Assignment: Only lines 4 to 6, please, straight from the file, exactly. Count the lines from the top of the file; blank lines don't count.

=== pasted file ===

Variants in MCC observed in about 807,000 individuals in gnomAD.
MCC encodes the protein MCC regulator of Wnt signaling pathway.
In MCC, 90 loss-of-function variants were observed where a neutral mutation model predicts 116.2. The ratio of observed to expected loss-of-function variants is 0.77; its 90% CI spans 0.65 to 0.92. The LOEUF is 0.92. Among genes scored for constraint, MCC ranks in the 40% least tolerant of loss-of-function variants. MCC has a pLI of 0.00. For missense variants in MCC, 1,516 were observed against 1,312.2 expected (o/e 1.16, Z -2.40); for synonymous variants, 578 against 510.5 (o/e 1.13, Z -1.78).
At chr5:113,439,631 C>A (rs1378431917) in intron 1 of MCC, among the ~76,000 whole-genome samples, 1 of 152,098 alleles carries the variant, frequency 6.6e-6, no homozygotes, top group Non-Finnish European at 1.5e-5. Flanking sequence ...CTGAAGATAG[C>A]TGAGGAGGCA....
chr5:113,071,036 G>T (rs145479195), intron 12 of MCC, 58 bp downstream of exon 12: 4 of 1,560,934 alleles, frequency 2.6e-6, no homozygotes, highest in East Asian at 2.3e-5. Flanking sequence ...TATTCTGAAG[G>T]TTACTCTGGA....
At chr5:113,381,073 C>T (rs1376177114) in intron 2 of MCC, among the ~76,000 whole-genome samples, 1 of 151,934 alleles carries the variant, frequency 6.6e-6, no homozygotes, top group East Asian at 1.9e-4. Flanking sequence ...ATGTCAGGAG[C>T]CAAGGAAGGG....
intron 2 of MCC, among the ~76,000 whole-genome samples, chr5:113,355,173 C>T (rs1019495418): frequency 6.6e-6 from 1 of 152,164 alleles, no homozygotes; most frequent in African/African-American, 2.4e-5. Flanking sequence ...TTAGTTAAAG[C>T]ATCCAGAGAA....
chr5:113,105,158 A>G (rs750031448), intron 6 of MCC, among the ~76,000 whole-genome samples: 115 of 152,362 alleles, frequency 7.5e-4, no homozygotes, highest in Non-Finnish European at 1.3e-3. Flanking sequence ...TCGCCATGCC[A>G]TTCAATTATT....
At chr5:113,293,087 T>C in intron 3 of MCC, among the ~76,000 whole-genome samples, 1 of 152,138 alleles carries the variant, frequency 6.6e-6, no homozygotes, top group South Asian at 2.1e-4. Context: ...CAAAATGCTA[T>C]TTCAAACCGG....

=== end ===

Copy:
At chr5:113,439,631 C>A (rs1378431917) in intron 1 of MCC, among the ~76,000 whole-genome samples, 1 of 152,098 alleles carries the variant, frequency 6.6e-6, no homozygotes, top group Non-Finnish European at 1.5e-5. Flanking sequence ...CTGAAGATAG[C>A]TGAGGAGGCA....
chr5:113,071,036 G>T (rs145479195), intron 12 of MCC, 58 bp downstream of exon 12: 4 of 1,560,934 alleles, frequency 2.6e-6, no homozygotes, highest in East Asian at 2.3e-5. Flanking sequence ...TATTCTGAAG[G>T]TTACTCTGGA....
At chr5:113,381,073 C>T (rs1376177114) in intron 2 of MCC, among the ~76,000 whole-genome samples, 1 of 151,934 alleles carries the variant, frequency 6.6e-6, no homozygotes, top group East Asian at 1.9e-4. Flanking sequence ...ATGTCAGGAG[C>T]CAAGGAAGGG....